The statue of Zeus from the temple at Olympia was a gigantic statue constructed by Phidias in the fifth century BCE. It was constructed of a wooden frame covered in carved ivory with gold accents.
In the sculpture, he was seated on a magnificent throne of cedarwood, inlaid with ivory, gold, ebony, and precious stones. In Zeus' right hand there was a small statue of Nike, the goddess of victory, and in his left hand, a shining sceptre on which an eagle perched. Plutarch, in his Life of the Roman general Aemilius Paulus, records that the victor over Macedon "was moved to his soul, as if he had beheld the god in person," while the Greek orator Dio Chrysostom wrote that a single glimpse of the statue would make a man forget his earthly troubles.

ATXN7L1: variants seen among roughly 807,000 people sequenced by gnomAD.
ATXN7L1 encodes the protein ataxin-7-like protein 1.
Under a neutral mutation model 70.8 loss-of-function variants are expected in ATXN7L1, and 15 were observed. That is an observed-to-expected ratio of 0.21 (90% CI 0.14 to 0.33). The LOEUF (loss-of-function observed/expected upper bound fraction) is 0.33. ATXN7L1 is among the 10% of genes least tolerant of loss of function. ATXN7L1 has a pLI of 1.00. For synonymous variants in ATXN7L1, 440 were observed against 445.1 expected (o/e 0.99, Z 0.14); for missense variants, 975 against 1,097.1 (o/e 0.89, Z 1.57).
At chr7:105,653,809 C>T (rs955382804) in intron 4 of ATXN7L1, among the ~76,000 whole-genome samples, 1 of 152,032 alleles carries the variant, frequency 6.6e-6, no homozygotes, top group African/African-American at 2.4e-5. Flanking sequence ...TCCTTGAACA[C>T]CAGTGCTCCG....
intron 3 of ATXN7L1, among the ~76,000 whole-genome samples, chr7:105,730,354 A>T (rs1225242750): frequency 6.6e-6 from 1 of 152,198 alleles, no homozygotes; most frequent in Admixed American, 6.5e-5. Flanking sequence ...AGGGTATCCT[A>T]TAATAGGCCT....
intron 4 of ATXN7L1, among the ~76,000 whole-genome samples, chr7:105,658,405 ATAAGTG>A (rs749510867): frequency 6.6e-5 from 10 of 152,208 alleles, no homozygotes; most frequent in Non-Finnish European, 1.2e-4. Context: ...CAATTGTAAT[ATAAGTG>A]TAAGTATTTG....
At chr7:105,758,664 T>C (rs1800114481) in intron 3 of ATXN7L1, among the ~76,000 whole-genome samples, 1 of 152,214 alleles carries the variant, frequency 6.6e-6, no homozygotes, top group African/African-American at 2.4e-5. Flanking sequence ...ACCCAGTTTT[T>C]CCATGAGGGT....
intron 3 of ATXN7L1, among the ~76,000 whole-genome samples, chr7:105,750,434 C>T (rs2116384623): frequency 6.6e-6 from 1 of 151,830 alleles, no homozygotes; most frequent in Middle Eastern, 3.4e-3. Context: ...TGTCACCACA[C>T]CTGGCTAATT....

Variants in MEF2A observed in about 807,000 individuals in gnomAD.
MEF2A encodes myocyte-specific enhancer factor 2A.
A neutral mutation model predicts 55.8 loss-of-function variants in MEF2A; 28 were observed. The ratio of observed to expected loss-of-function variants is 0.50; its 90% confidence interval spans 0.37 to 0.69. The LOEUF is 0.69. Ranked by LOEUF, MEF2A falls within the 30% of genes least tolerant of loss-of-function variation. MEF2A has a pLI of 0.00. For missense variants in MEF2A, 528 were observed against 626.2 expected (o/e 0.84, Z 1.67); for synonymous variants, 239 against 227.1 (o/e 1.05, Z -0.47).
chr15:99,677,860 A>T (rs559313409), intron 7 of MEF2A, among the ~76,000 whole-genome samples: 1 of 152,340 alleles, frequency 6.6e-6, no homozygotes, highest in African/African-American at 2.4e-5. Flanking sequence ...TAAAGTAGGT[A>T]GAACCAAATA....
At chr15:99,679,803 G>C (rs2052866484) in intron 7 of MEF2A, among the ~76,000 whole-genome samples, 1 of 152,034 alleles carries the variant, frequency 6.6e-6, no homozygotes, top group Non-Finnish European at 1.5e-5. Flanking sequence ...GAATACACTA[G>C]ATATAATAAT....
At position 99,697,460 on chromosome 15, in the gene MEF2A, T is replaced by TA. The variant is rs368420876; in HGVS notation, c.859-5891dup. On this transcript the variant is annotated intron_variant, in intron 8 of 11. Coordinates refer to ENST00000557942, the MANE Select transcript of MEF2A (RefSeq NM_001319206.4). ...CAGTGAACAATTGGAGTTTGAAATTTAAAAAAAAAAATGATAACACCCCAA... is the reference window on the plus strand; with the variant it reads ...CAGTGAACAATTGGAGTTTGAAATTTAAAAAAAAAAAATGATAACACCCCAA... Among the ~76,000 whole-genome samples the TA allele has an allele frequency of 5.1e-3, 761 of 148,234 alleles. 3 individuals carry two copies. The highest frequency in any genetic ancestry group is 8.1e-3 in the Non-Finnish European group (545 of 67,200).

The temple of Zeus, where the statue stood, was destroyed by fire in the fourth century BCE, although some scholars believe that the statue had been moved to Constantinople before the fire, and was later destroyed there.